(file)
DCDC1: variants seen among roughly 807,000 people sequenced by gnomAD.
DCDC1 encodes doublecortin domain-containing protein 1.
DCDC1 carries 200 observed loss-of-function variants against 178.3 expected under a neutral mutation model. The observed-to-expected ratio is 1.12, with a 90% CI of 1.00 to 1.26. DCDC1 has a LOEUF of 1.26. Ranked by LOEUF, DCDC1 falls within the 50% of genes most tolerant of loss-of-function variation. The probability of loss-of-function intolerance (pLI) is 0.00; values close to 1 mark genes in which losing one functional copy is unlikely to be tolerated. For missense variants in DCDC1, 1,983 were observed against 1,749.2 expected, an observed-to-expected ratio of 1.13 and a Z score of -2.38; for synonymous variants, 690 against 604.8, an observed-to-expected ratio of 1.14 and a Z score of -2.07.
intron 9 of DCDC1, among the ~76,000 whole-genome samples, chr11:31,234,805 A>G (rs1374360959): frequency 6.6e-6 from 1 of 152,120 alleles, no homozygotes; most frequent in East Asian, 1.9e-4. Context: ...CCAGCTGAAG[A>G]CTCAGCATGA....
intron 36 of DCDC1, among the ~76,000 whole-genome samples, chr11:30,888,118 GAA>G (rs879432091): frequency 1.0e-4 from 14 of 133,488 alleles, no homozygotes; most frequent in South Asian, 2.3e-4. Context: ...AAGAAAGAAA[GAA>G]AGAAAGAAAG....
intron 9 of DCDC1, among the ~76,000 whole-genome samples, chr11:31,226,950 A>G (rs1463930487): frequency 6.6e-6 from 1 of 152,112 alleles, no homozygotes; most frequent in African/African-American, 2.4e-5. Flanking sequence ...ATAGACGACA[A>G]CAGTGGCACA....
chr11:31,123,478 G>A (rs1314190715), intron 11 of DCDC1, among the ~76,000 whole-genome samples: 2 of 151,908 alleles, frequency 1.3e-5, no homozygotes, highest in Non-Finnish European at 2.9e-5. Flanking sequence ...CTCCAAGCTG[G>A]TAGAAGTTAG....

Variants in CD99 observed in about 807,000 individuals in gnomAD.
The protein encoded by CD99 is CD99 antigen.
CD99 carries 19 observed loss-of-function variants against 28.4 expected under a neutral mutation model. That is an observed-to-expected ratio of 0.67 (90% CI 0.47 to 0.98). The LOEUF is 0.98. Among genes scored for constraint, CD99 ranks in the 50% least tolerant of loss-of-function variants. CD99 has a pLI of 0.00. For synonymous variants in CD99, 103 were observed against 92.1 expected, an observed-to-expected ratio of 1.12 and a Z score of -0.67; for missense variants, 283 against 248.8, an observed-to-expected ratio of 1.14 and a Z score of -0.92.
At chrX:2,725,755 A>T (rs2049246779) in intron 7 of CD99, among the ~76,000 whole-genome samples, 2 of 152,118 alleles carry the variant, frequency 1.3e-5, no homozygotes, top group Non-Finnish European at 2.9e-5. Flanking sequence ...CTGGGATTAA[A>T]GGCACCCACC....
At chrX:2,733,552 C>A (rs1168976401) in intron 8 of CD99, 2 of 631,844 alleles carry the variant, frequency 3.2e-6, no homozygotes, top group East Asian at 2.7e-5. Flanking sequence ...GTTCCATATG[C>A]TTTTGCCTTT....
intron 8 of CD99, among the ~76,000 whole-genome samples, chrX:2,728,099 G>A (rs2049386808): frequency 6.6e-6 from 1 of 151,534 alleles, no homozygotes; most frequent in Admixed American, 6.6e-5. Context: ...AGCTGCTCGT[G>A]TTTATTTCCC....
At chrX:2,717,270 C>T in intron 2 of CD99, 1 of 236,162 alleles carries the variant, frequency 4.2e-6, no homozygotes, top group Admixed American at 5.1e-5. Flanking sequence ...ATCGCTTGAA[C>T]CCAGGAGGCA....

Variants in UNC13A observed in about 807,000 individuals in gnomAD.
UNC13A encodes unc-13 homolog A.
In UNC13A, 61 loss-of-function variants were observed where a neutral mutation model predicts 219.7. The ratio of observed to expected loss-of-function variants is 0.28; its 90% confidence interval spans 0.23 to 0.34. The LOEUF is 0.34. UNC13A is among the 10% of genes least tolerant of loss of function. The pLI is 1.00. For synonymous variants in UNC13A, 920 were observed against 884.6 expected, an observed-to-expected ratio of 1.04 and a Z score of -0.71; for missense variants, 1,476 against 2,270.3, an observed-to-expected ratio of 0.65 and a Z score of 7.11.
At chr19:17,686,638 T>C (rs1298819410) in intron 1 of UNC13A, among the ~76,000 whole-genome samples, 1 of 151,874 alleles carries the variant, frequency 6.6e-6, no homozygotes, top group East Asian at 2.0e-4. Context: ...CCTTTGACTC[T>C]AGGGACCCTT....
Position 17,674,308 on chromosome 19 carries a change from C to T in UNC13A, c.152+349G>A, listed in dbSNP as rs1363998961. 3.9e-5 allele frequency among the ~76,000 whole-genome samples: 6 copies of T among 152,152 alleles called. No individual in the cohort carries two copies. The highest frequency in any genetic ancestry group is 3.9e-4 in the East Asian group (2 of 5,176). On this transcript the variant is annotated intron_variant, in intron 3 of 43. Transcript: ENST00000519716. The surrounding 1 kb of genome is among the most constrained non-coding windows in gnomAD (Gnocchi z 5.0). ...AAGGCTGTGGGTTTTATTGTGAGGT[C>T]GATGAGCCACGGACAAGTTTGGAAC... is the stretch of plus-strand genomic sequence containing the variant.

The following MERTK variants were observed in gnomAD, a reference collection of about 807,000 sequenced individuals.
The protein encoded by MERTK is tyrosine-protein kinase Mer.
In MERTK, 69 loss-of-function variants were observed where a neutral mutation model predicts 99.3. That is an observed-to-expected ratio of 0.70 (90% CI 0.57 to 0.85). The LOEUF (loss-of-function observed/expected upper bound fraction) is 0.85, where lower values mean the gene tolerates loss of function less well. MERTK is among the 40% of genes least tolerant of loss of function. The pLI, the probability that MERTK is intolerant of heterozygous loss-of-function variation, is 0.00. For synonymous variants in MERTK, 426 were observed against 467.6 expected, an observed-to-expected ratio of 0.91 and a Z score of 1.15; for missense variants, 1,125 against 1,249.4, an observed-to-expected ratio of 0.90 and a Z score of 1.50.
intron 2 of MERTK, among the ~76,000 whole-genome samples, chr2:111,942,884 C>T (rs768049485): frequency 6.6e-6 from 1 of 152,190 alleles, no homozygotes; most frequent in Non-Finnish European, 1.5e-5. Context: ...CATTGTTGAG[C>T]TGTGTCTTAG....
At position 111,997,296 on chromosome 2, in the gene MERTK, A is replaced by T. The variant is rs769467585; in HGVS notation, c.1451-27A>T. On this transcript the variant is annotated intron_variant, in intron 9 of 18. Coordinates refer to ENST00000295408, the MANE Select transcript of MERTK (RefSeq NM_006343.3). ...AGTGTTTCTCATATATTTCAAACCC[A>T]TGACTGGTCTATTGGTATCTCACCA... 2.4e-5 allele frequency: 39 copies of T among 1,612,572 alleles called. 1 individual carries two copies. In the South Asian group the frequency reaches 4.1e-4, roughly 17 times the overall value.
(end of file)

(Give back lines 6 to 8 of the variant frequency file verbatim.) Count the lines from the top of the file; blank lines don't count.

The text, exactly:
intron 9 of DCDC1, among the ~76,000 whole-genome samples, chr11:31,226,950 A>G (rs1463930487): frequency 6.6e-6 from 1 of 152,112 alleles, no homozygotes; most frequent in African/African-American, 2.4e-5. Flanking sequence ...ATAGACGACA[A>G]CAGTGGCACA....
chr11:31,123,478 G>A (rs1314190715), intron 11 of DCDC1, among the ~76,000 whole-genome samples: 2 of 151,908 alleles, frequency 1.3e-5, no homozygotes, highest in Non-Finnish European at 2.9e-5. Flanking sequence ...CTCCAAGCTG[G>A]TAGAAGTTAG....

Variants in CD99 observed in about 807,000 individuals in gnomAD.